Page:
Why Indonesia wants back in OPEC(Read article summary)
Few expected huge news out of Friday's OPEC meeting, Charles Kennedy writes, but the fact that Indonesia wants back in the powerful oil cartel came as a surprise.
M Agung Rajasa/Antara Foto/Reuters/File
Who ever said there wouldn’t be any news coming out of the OPEC meeting in Vienna this week?
In a surprise announcement, Indonesia has decided to officially pursue full membership in the oil cartel. Indonesia is no stranger to OPEC. It used to be a member, but left six years ago. Now it hopes to rejoin by the time the group meets again in November 2015. (Related: This Dutch Innovation May Solve The Energy Storage Problem)
The move is a curious one considering Indonesia is not a net oil exporter. It consumes around 1.5 million barrels per day and only produces 800,000 barrels per day. Indonesia has insisted on becoming a full member despite the fact that full membership typically requires being a net exporter. It originally suspended its membership in the cartel in 2008 once its imports started to quickly surpass its level of exports.
There are currently only 12 members of OPEC. Indonesia once was the only Asian country in OPEC and would be again if it rejoins. (Related: Forget The Noise: Oil Prices Won’t Crash Again)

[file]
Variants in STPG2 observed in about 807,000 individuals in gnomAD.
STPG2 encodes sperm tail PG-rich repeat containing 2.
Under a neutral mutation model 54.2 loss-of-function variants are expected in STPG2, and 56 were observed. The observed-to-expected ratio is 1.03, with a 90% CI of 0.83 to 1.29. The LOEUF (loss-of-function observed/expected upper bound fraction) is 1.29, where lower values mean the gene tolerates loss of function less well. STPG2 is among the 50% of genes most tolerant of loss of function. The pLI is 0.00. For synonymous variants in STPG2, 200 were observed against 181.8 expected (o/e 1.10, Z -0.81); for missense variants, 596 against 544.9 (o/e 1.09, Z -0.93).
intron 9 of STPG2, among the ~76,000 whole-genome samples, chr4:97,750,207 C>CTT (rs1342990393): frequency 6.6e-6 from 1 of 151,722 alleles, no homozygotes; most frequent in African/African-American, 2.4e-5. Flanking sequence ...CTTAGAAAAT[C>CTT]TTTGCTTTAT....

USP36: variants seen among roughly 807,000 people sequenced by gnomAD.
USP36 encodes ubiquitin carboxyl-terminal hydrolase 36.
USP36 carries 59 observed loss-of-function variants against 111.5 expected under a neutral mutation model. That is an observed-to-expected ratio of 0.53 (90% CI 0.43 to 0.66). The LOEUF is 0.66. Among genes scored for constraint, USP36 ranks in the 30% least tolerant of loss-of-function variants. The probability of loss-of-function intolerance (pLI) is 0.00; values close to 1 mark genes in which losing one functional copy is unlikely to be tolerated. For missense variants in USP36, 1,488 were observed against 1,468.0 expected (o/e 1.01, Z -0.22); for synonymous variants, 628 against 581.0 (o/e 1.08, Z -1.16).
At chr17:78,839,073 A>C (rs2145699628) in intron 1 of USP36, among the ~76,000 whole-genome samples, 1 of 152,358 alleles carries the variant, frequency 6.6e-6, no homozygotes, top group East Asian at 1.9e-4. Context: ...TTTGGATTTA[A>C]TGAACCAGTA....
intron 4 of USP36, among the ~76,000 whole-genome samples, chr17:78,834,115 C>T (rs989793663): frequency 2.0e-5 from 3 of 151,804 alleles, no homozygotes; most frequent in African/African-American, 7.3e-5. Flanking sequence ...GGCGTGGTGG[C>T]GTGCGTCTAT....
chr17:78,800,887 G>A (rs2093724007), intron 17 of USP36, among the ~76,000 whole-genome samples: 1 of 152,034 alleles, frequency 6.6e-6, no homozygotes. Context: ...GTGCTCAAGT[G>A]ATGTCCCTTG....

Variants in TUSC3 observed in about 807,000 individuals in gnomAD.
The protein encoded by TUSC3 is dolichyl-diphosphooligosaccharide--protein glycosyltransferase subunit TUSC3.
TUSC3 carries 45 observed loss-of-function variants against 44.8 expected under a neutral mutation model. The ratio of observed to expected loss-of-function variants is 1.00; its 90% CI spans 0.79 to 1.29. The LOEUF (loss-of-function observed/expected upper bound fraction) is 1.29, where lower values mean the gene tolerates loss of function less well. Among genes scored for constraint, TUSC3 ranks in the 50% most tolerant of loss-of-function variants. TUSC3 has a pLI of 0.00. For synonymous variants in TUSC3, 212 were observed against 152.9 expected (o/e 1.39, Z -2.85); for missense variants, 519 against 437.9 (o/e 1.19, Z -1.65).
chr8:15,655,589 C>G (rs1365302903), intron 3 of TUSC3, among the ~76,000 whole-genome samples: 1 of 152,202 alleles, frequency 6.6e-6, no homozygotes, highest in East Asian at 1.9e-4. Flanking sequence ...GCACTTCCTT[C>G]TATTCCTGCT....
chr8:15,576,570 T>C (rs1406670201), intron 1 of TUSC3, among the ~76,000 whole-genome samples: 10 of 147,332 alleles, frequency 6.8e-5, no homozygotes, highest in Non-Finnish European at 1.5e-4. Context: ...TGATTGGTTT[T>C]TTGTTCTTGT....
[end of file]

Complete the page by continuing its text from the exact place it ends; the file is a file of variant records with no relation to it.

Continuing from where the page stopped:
Meanwhile, Indonesia is seeking supply agreements with OPEC members in order to import oil. Indonesia has a fast growing economy and is continuously searching for more sources of supply. “We will discuss purchasing crude from them. We have a plan to build refineries, so we need crude supplies,” Wiratmaja Puja, a top official at Indonesia's Energy Ministry, said to Reuters in an interview. That would be crucial for a country that is desperate to increase its domestic production of refined products.
For years Indonesia has heavily subsidized the consumption of fuel, and removing the subsidies has been tricky as it would raise the ire of consumers. But the collapse in oil prices allowed the government to pare back some of the largesse.
Still, demand for fuel remains strong and Indonesia’s refining sector has not been able to keep up. That has the government laying out plans to build four major refineries over the next decade, and it is holding bilateral meetings with OPEC member nations this week in order to attract investment and secure supply contracts. (Related: Cold Shoulder For Russia Could Hint At OPEC Decision June 5th)
The Secretary-General and OPEC governors will consider Indonesia’s application for membership.
By Charles Kennedy of Oilprice.com
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